After the step S32, a step S33 is conducted wherein the event identifier information thus extracted in the step S32 is examined, and the process proceeds further to a next step S34, wherein a discrimination is made whether the input/output status for the current interval or cycle has been changed from the input/output status of the previous interval or cycle.

If the result of the discrimination in the step S34 is YES, indicative of the fact that the input/output status has been changed, the process proceeds to a next step S35. On the other hand, when the result of the discrimination in the step S34 is NO, indicating that the there is no such a change in the input/output status, the process proceeds to a step 41 wherein the event timing information and the event identifier information for the current interval held in the first event information buffer unit 25 is forwarded to the second event information buffer unit 26 and the process proceeds further to a step S44.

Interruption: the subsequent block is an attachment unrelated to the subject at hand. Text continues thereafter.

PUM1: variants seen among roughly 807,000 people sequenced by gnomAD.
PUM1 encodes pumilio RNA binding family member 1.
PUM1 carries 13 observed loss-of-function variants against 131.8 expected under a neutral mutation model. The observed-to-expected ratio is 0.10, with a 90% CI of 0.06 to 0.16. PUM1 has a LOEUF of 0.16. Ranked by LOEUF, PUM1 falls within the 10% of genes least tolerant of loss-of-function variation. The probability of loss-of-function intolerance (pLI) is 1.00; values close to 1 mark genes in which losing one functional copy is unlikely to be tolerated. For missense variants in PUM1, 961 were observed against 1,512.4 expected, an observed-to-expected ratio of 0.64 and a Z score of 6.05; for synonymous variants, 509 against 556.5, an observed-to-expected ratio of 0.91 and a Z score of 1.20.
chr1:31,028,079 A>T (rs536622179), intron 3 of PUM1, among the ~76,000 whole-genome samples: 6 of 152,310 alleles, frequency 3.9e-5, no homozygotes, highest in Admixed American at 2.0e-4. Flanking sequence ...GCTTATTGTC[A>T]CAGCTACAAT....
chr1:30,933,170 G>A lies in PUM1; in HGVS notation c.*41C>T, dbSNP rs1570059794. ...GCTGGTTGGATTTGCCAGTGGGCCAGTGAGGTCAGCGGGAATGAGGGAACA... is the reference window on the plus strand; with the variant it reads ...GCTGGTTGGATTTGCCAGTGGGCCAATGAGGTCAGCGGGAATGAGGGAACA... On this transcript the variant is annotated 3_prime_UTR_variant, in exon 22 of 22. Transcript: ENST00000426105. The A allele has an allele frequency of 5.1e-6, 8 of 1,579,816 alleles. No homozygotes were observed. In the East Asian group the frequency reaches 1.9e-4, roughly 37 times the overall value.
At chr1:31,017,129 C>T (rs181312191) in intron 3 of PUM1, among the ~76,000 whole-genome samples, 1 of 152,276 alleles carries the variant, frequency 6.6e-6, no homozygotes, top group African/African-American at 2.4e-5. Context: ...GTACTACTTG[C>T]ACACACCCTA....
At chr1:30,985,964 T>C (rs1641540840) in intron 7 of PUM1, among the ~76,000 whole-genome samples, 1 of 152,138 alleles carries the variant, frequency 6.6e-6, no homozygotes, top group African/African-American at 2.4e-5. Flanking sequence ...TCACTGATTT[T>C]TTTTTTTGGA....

In the step S35, on the other hand, the event timing information and the event identifier information that has changed since the previous interval are stored in the third event information buffer 27. As will be understood from the description to be made later, the second event information buffer 26 stores the event timing information and the event identifier information for the previous interval which is immediately before the current interval.

In the case of the timing chart represented in FIGS. 12A-12D, it should be noted that the input/output terminal 22 takes an input status in the interval 30 and output status in the interval 31. Thus, the event timing information and the event identifier information for the interval 31 are stored in the third event information buffer unit 27. The event timing information and the event identifier information for the interval 30 are stored in the second event information buffer unit 26.